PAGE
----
Karan koron, karan koron, this is the Japanese sound of someone walking down the street in geta, or traditional wooden clogs. For the Japanese this is a nostalgic sound, that conjures up images of people wearing yukata (informal cotton kimono) and enjoying the relaxed ambience of night-time summer festivals.
Footwear plays an interesting role in daily Japanese life as a way of marking the transition between different kinds of interior and exterior spaces. For example, before entering a house, outside shoes are removed in the genkan. After stepping into the interior family space, inside slippers are put on. And before using the rest room one takes off the inside house slippers and puts on a special pair of "bathroom slippers".
One classic error of foreign guests is to forget to change back to the regular slippers after leaving the rest room. This situation, of wearing the bathroom slippers into other rooms, represents bringing something unclean into a clean area and provokes either laughter or disgust, depending on the host family. So strong are the divisions between spaces, articulated by changes in footwear, that if a person leaves the house in a hurry, laces up their shoes, and then remembers a forgotten item, rather than step on the interior floor in their outside shoes they will crawl on their hands and knees, with their feet held up high to retrieve the forgotten item.
Nor are these delineations limited to personal space. An American journalist, giving birth to a baby in Tokyo, was issued a pair of slippers when she was admitted to the hospital in labor, and was required to change to slippers of another color when she entered the delivery room. Special shoes for specific situations are also part of the cultural picture.
While I was living in a mountain village, I watched a bride dressed in a wedding kimono and wearing very high wedge sandals bid a formal farewell to her neighbors. When she finished she walked away slowly, assisted by a woman on each arm. A crowd of village woman walked behind her. "When you got married, was it like this?" I asked one of them. "Oh, yes, just like this I needed help to walk. Oh those shoes!"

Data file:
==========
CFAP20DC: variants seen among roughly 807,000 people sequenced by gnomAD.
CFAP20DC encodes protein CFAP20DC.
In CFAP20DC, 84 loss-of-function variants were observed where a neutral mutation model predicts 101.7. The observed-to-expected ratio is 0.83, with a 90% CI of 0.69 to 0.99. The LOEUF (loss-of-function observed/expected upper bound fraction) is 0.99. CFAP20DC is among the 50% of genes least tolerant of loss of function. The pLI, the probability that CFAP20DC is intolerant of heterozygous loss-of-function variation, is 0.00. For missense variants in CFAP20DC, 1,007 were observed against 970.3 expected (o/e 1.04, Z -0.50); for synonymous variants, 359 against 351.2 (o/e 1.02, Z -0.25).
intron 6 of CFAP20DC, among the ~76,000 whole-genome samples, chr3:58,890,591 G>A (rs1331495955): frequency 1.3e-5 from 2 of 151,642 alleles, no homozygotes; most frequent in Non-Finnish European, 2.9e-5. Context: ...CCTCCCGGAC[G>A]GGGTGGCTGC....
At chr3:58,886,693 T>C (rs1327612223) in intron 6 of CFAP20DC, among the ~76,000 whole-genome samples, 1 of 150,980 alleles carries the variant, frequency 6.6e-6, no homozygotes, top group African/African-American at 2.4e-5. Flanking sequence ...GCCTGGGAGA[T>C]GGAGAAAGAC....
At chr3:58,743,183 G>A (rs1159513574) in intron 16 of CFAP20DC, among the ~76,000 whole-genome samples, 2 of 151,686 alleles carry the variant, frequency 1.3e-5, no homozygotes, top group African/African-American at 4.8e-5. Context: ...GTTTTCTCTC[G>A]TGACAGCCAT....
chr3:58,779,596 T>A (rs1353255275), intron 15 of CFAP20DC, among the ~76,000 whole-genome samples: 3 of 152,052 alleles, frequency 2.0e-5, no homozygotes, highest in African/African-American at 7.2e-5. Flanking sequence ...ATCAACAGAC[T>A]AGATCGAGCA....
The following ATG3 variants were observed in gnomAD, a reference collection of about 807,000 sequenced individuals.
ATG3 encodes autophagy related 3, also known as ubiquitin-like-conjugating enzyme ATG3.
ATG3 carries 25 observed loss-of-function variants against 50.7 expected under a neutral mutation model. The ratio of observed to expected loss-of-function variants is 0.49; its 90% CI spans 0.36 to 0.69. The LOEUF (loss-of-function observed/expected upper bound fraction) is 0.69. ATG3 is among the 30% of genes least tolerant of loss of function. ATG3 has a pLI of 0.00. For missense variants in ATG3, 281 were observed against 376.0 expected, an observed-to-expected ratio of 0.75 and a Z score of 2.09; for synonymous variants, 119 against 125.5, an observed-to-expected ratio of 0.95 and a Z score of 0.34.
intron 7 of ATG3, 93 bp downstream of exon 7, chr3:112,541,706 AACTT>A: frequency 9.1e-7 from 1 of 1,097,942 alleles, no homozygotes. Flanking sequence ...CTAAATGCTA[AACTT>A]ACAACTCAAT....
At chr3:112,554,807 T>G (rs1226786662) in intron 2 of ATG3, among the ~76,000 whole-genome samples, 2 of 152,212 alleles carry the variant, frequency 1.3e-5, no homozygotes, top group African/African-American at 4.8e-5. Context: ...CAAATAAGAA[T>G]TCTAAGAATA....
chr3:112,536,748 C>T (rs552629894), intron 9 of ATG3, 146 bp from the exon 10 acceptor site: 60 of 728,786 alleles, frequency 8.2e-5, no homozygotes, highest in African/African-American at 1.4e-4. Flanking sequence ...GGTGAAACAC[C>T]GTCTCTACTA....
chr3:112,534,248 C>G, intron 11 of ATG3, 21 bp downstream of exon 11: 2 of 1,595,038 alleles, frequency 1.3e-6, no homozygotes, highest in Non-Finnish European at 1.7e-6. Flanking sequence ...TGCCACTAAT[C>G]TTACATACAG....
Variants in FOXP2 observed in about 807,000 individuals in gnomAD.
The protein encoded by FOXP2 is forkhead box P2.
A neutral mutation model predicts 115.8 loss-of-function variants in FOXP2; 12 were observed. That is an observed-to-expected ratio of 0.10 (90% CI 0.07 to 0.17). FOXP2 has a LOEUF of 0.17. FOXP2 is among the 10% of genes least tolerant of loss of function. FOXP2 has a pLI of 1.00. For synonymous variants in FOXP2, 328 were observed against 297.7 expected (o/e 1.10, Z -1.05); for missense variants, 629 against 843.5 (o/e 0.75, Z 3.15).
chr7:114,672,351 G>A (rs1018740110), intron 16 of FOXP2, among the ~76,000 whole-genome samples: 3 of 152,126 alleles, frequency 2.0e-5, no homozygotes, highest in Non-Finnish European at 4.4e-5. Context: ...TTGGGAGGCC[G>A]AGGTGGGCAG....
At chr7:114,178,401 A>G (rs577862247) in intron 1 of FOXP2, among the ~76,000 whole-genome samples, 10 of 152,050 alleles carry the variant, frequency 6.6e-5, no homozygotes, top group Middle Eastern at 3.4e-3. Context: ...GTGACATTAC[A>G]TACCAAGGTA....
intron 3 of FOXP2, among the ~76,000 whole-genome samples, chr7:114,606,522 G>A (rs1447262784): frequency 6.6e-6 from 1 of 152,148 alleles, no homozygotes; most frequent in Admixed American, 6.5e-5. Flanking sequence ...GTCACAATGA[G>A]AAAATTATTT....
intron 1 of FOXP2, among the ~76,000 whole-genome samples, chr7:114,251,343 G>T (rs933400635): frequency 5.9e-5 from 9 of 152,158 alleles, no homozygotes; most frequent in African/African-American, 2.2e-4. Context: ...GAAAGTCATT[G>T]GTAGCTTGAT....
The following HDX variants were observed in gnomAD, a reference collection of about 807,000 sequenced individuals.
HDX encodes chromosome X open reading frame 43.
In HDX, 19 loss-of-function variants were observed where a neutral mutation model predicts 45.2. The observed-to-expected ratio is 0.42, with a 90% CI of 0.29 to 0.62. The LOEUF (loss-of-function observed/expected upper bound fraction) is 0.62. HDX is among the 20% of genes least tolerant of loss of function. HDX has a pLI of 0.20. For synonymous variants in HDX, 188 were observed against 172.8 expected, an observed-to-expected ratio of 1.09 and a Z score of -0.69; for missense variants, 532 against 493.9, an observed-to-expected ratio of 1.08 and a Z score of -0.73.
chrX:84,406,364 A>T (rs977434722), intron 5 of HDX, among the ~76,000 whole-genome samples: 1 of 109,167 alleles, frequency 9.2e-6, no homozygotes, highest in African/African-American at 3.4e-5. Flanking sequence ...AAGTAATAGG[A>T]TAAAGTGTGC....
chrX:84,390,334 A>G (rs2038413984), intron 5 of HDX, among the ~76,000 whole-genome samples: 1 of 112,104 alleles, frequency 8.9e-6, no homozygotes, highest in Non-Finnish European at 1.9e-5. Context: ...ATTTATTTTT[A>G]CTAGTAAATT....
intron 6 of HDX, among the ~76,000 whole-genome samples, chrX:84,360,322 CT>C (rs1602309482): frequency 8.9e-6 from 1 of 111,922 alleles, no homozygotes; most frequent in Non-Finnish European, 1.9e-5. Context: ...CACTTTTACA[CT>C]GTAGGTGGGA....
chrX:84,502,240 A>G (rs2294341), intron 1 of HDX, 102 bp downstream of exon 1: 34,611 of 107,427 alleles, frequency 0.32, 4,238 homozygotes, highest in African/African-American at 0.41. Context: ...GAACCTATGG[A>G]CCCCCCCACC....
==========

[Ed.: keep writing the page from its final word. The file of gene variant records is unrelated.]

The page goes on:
Walking through the Gion entertainment area in Kyoto you may catch a glimpse of a geisha. Take a look at her feet. If she is wearing very high clogs, she is an apprentice geisha or maiko. This custom dates from the period when apprentices were children, and wore tall shoes to add to their height. Nowadays, maiko are young women, who walk gracefully and unassisted in high clogs.
Shoes are also connected to Japanese beliefs about health. Older people have pointed out to me that walking in geta or backless sandals requires the wearer to flex the foot with each step just to keep the footwear from falling off. This repeated flexing is thought to contribute to good health, and some believe that wearing Western shoes (which do not require this muscular movement) is less healthy. A contemporary approach to the health and footwear issue can be seen in slippers featuring inside soles covered with beige plastic nodules. Positioned to stimulate health-promoting pressure points, the nodules produce sensory stimulation to mild pain, depending on the wearer.
Buying traditional Japanese footwear: These shops sell geta for about ¥2,000: Kyoto Handicraft Center, Tel: 075 761 7000. Nakatsuji, Tel: 075 492 0436. Oshima in Nishiki market, Tel: 075 221 3473. For wooden sandals with indigo fabric trim (from about ¥3,000): Yamato Mingeiten, Tel: 075 221 2641.
*If you would like to purchase geta from any of these stores please contact our sister site GoodsFromJapan
Written by Anne Overton and edited by Ian Ropke, founder and owner of Your Japan Private Tours: personalized quality private travel services all over Japan since 1992. To learn more, visit our site (www.kyoto-tokyo-private-tours.com) or call us on +1-415-230-0579.